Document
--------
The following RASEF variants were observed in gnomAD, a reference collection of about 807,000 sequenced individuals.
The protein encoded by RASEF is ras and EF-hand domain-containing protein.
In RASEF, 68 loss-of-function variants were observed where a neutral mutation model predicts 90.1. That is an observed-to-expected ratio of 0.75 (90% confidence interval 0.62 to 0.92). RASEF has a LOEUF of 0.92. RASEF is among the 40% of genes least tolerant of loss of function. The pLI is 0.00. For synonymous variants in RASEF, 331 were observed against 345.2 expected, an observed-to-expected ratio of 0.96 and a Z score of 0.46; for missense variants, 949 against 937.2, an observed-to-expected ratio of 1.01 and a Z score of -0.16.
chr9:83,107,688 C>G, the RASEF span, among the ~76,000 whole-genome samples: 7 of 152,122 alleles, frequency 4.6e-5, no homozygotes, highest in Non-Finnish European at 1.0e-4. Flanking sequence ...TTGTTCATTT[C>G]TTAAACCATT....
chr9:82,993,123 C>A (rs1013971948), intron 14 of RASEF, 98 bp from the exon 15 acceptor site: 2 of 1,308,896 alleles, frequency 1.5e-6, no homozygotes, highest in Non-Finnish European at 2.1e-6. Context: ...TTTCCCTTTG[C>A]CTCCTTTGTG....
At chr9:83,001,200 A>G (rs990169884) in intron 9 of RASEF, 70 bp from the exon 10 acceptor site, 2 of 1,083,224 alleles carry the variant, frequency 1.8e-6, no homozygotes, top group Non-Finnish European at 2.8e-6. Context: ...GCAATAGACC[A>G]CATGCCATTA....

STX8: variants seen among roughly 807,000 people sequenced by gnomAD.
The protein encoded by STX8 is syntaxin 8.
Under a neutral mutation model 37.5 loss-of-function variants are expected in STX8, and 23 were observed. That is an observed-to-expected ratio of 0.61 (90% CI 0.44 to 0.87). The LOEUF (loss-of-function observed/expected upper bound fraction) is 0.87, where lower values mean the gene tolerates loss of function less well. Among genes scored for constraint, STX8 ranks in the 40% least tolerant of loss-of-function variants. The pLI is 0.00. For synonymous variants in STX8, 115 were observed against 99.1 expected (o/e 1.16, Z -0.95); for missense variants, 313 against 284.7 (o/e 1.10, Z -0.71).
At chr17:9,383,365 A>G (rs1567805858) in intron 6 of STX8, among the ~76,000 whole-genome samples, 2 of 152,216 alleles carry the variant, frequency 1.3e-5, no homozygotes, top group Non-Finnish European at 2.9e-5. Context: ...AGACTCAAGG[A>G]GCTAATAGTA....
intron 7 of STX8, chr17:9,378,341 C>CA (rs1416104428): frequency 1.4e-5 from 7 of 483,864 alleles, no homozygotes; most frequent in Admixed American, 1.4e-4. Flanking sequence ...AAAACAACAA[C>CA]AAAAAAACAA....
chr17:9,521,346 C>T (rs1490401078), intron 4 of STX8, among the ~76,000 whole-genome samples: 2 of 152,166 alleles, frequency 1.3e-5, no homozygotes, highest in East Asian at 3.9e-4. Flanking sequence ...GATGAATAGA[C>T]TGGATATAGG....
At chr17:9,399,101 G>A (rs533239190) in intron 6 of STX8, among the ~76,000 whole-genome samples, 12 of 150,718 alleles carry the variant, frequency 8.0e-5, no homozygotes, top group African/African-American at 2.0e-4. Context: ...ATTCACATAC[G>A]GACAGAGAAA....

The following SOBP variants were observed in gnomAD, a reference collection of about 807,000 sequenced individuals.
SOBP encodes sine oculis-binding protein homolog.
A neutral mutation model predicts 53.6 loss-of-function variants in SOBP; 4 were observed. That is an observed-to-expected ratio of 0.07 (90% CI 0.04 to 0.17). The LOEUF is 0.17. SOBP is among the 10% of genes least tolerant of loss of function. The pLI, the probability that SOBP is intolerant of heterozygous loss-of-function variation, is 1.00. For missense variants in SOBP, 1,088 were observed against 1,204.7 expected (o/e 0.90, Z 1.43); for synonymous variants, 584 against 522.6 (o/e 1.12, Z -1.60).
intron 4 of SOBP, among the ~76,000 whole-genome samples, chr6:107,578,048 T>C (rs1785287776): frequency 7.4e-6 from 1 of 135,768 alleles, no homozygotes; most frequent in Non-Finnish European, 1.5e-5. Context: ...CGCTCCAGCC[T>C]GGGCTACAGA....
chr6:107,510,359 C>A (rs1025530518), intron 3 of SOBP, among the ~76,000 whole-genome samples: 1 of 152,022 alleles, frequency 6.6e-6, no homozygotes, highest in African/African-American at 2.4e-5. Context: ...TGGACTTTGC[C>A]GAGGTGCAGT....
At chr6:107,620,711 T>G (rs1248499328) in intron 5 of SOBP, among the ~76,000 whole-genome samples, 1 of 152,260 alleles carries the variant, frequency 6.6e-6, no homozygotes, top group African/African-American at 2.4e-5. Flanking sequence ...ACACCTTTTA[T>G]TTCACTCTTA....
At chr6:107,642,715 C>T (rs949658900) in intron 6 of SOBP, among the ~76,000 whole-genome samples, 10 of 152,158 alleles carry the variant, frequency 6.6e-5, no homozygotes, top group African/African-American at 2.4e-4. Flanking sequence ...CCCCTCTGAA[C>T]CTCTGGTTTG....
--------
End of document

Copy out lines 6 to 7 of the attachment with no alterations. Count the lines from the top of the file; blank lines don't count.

At chr9:83,001,200 A>G (rs990169884) in intron 9 of RASEF, 70 bp from the exon 10 acceptor site, 2 of 1,083,224 alleles carry the variant, frequency 1.8e-6, no homozygotes, top group Non-Finnish European at 2.8e-6. Context: ...GCAATAGACC[A>G]CATGCCATTA....

STX8: variants seen among roughly 807,000 people sequenced by gnomAD.